Read publications such as Fraud Magazine (http://www.fraud-magazine.com) to learn more about fraud cases and anti-fraud business practices and strategies, and to keep up with developments in the industry. Visit the resources section of the Association of Certified Fraud Examiners Web site (http://www.acfe.com/fraud-resources.aspx) for magazines, podcasts, and blogs on fraud case studies, fraud investigation techniques, and industry news and analysis. An internship or part-time job in a fraud investigation agency or bank or financial institution with a fraud investigation and examination division provides opportunities to learn what's involved in fraud investigation work. Ask your school's career services office for help with researching job and internship openings. Also search for job openings in the career sections of companies' Web sites and online employment sites such as Indeed, Glassdoor, Monster, and SimplyHired.
Fraud examiners, investigators, and analysts work in government agencies in the public and private sectors. They also also work in financial and banking institutions, as well as in private agencies that offer fraud investigation services. Those who work in retail businesses may be employed in the loss prevention department, investigating transactions and activities related to inventory in an effort to prevent retail theft. Public-sector examiners, investigators, and analysts may work in teams with special agents and police detectives to investigate financial crimes and other types of white-collar crimes. Those employed in federal jobs investigate and examine criminal cases in which federal laws and regulations have been violated.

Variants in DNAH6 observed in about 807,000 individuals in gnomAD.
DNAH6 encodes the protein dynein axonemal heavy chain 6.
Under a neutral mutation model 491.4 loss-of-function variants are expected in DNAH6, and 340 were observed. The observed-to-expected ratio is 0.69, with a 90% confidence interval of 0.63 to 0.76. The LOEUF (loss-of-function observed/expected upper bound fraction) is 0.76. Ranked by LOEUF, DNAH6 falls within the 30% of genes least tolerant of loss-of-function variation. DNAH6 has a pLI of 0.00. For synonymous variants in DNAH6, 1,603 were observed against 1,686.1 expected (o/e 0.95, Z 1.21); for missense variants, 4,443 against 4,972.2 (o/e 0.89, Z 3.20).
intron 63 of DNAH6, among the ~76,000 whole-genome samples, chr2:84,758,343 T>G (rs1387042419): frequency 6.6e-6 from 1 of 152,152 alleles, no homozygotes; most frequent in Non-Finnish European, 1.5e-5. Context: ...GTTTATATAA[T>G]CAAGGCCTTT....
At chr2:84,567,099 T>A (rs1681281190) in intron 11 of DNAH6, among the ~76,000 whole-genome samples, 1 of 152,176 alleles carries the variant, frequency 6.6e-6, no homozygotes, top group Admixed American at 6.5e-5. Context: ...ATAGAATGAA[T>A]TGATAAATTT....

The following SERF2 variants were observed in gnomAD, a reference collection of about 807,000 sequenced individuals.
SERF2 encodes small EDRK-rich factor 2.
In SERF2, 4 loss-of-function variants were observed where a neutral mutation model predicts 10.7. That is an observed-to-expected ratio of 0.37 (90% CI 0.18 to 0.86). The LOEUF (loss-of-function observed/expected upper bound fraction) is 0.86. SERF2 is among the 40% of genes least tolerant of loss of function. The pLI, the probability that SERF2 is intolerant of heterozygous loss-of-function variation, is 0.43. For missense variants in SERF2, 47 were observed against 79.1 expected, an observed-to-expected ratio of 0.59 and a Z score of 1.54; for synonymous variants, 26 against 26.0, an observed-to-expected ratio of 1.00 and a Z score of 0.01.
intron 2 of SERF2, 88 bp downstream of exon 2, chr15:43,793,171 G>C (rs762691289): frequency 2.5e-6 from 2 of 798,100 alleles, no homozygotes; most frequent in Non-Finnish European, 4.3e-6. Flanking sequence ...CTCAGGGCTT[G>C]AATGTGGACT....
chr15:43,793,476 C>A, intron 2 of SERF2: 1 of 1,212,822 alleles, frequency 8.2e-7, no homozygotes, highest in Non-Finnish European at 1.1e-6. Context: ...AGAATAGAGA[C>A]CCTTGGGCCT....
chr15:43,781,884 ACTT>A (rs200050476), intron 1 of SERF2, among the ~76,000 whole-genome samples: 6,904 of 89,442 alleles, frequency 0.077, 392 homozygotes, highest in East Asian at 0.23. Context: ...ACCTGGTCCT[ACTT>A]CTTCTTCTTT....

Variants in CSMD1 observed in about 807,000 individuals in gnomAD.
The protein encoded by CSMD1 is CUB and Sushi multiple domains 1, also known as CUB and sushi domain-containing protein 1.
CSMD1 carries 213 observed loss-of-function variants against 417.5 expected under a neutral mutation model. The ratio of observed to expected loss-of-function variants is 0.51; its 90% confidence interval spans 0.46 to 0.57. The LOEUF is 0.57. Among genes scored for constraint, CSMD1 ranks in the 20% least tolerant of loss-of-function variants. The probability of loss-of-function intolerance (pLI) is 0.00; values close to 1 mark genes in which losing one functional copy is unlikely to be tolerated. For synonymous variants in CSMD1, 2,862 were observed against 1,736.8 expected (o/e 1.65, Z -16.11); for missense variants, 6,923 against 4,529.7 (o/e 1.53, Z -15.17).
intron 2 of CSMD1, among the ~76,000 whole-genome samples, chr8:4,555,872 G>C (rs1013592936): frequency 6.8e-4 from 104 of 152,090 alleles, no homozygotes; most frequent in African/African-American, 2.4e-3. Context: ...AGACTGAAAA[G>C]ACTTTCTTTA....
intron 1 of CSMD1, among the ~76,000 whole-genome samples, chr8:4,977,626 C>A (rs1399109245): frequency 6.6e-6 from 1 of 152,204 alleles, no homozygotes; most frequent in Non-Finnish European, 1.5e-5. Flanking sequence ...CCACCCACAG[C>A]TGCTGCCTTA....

Fraud analysts employed at banks and financial institutions monitor customers' and banks' activities and transactions to determine if any suspicious activity has occurred. Banks and their customers have established banking patterns that change relatively little over time. Transactions for unusual amounts of money in locations that are not common to the customers are flagged and customers are alerted to these activities. Fraud analysts will investigate the origins of the transactions to search for the perpetrators, and will alert the bank and customers to the criminal activity. Fraud analysts also help banks and financial institutions to identify areas within their systems that are at risk for fraud and recommend ways to improve security.
Fraud examiners, investigators, and analysts spend much of their time on computers, analyzing business and financial data, preparing investigatory reports and documentation, and e-mailing with team members, supervisors, and clients. They are technologically savvy and must be well versed in various software programs to accomplish their work. They use business intelligence and data analysis software such as Guardian Analytics FraudMAP and IBM Cognos; database user software such as Microsoft Access and SQL; enterprise management software such as ArcSight Enterprise Threat and Risk Management; as well as Microsoft Outlook for e-mail and Microsoft Excel for spreadsheets.